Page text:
Lost and Found

Bushwhacking in the dense piñon-juniper and oak brush that covered the mesa, on a windy day that obscured all sound. I was newly aware of how one tracks companions by constant, quick glances through the twiggage, near-subliminal glimpses every four to eight seconds: a scrap of color, a blink of movement out of place against the moving background. It’s an almost-unconscious art, and takes practice. First we lost Rob, then Gary, then John.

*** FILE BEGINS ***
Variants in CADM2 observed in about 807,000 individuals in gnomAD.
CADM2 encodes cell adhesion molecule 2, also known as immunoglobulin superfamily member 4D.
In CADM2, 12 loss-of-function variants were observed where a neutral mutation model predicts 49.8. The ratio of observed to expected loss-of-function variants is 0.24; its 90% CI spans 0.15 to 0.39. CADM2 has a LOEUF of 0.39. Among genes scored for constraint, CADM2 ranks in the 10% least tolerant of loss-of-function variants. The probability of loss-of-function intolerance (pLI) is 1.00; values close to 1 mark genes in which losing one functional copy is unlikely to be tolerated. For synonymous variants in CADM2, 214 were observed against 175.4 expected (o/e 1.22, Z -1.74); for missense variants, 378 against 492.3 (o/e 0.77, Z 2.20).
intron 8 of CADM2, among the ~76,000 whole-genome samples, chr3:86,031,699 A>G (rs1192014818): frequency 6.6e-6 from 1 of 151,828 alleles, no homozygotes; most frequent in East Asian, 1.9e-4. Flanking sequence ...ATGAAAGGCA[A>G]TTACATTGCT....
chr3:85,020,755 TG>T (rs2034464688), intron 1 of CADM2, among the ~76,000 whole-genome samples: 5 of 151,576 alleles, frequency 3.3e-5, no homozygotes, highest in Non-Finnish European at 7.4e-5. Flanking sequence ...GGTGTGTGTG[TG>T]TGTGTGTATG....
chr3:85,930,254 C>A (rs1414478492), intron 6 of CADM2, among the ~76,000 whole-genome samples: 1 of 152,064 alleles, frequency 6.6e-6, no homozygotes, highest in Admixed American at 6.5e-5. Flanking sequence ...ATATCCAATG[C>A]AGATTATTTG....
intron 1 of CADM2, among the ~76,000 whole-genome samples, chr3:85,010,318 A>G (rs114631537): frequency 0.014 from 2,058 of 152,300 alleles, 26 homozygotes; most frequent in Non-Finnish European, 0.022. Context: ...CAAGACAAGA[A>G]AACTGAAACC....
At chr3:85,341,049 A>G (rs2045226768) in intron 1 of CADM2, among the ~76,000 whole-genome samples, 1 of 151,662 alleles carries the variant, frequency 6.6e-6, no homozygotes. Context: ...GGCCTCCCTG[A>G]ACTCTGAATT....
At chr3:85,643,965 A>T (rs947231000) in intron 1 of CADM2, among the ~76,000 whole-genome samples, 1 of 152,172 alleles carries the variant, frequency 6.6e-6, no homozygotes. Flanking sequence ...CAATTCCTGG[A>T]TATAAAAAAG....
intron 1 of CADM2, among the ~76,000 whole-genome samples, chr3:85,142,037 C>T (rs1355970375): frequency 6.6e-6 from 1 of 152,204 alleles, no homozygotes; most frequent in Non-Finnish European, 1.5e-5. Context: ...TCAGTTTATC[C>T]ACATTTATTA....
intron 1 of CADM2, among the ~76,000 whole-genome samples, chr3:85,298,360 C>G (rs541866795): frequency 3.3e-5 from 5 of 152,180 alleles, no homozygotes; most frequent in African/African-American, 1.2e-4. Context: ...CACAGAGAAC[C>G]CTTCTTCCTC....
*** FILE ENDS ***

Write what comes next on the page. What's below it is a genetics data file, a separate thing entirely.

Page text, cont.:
They all straggled in later at the car, remarking on how, in countryside like this, a group can get separated in less than a minute. Their shouts had been inaudible in the wind.

Leave a Reply

Fill in your details below or click an icon to log in:

WordPress.com Logo

You are commenting using your WordPress.com account. Log Out / Change )

Twitter picture

You are commenting using your Twitter account. Log Out / Change )

Facebook photo

You are commenting using your Facebook account. Log Out / Change )

Google+ photo

You are commenting using your Google+ account. Log Out / Change )

Connecting to %s